The Beat Goes On

Brogan Sullivan

Brogan Sullivan

My father’s a jazz musician. A great one, actually, a phenomenon, freakishly talented. A multi-instrumentalist, he plays the trumpet; flute; flugelhorn; peckhorn; cornet; soprano; alto and tenor saxes; drums; guitar; and piano. He’s the kind of musician other musicians mention in interviews when they’re asked to list their influences. The kind of musician journalists like to call “a musician’s musician,” which is a nice way of saying that he’s not famous. You, for instance, probably never heard of him. But he’s been nominated for a Grammy Award seven times. In the 50s, in Chicago, he played with Charlie Parker, Thelonious Monk, Dizzy Gillespie.  In the 60s, in the middle of the avant-garde jazz craze, he moved to Miami, and his band-mates followed soon after, one by one. They couldn’t bear the thought of playing without him. He became the locus of the Miami jazz scene, drawing music-lovers to him with the power of a fetish. One time, Van Morrison was playing a sold-out show at the gigantic amphitheater downtown, and when the concert was over, he had his driver take him to the tiny club where my father was gigging that week. Dad saw him hiding out in the corner and waved him up to the stage, but Van shook his head and stayed in his seat. He just wanted to hear my father play.

*

It’s a strange thing, when you think about it, that human beings play music at all. Like other customs of ancient provenance, such as playing games or painting our faces, it seems to have no logical or necessary place in the universe, no function beyond the aesthetic. And yet we keep on listening to it, making it. It resonates with something deep within us, some pre-rational need to imitate and rearrange the patterns of silence and noise that make up our audible universe. It calls to us. We hear its voice with our bones, our muscles, our blood, our skin.

*

For some people that voice is stronger than it is for others. Growing up as the son of a semi-famous musical genius, you learn to deal, very early on, with a few inescapable realities: First, you will feel compelled to become a musician yourself. Second, you will nurse a secret wish to one day surpass your father’s achievements, become not only a musical genius but also rich and legitimately famous. Third, you know, instinctively and without any doubt, that you will fail, utterly. Fourth, you will try anyway, because every single one of his friends expects it of you, because you want him to be proud of you, because you want to punish him for being your father, for being better and bigger and stronger and smarter than you for most of your life. Because some primordial reptile corner of your brain, operating according to the dictates of an eons-old evolutionary imperative, insists that you must ritually, symbolically, kill your father, so he doesn’t kill you first.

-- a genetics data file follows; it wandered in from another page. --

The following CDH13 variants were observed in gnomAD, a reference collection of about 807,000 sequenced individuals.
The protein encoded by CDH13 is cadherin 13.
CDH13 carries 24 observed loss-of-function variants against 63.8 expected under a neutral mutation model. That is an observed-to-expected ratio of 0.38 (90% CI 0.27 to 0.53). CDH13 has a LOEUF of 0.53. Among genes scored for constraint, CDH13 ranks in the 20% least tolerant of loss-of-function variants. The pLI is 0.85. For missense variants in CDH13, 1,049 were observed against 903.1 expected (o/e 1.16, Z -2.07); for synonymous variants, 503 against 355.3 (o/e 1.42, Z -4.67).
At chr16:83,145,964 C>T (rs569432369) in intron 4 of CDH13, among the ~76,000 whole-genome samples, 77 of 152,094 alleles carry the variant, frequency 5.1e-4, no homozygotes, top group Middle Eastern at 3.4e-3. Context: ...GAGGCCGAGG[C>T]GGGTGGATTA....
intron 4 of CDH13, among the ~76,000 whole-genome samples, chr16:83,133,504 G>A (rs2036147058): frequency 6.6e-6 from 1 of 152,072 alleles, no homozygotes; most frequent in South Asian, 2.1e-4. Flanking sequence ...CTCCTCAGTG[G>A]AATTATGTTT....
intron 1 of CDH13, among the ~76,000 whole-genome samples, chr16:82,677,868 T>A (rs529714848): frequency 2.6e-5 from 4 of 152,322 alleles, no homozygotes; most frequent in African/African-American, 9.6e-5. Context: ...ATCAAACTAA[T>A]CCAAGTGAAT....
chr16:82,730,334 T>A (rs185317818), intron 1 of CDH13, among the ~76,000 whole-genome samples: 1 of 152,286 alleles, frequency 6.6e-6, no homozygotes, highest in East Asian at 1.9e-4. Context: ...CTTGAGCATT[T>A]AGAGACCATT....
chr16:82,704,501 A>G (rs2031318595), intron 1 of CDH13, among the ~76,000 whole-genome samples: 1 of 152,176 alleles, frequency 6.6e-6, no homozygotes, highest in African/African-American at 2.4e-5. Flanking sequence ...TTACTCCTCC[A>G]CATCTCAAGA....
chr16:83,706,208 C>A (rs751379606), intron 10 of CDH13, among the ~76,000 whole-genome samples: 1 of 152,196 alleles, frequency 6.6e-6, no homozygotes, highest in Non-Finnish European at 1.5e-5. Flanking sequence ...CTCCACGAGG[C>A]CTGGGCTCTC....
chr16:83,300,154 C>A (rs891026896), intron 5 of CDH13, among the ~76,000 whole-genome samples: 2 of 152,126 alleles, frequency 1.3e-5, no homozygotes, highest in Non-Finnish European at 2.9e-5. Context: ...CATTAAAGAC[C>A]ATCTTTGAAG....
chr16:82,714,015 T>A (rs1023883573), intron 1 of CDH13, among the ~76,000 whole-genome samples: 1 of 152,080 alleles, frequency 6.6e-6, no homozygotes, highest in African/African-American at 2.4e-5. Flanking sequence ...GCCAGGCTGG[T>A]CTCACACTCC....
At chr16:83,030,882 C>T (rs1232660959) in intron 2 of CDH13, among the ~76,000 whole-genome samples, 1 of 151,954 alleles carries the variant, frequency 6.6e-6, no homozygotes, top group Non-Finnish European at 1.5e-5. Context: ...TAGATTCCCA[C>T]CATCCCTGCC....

*

It took me years to realize that I didn’t want to play the trumpet, which is my father’s primary instrument. I’d been playing it in the school band since 1st grade, and I was pretty good. But it always hurt my teeth, and after long practice sessions, my lips felt like they’d been stung by wasps. I thought this was normal, that all trumpet players, indeed, all musicians endured constant pain in some part of their bodies. I suppose I thought that this was what my father’s friends meant when they talked about paying your dues. And, in fact, when you first pick up a trumpet and start learning to play, a little pain is normal; you are literally reshaping your jaw around the mouthpiece. But I still felt this ache after years of playing, and one day, when my teeth felt like they were going to fall out, I asked my band teacher if there was anything I could do about it. He looked at me like I’d grown a third eye and asked me what the hell I was talking about. When I told him, he laughed, but he also told me to pack up my horn and go home. After a nauseating week of working up my courage, I finally told Dad.

“Good,” he said. “The last thing I want is for you to become a musician. Get a real job.”

I felt elated, and guilty, and free.

*

Like alcoholism or baldness or heart disease, like a werewolf curse, you can’t escape music; it runs in the family. You’ll never be free, because it’s in you, a bloodborne pathogen howling like a locomotive through your veins. You are a rhythm whore; every time a car passes by, blaring its speakers, your heartbeat speeds up to pulse in tandem with the radio song, and when the car disappears, taking the music with it, you feel empty and orphaned.

*

It is worse for my brother, born six years ahead of me. He is a Third, as in the third to bear his father’s name. The legacy is imprinted on his report card, his medical records, his drivers’ license. He also starts with the trumpet. Joins the high school marching band. After winning multiple trophies and awards, he moves on to the piano. In high school, he discovers rock and roll, and the quicksilver jolt it sends screaming through his muscles. He picks up a guitar, finds he can play it like a demon, faster and louder than Eddie Van Halen, Yngwie Malmsteen, Randy Rhoads. He practices 12 hours every day, his fingers dancing ethereally across the frets, executing impossible arpeggios. Watching him play makes me dizzy. He is a legitimate musical genius. He makes it safe for me to quit music entirely. I take up writing, leaving my brother to compete with our father, because he, at least, has a fighting chance.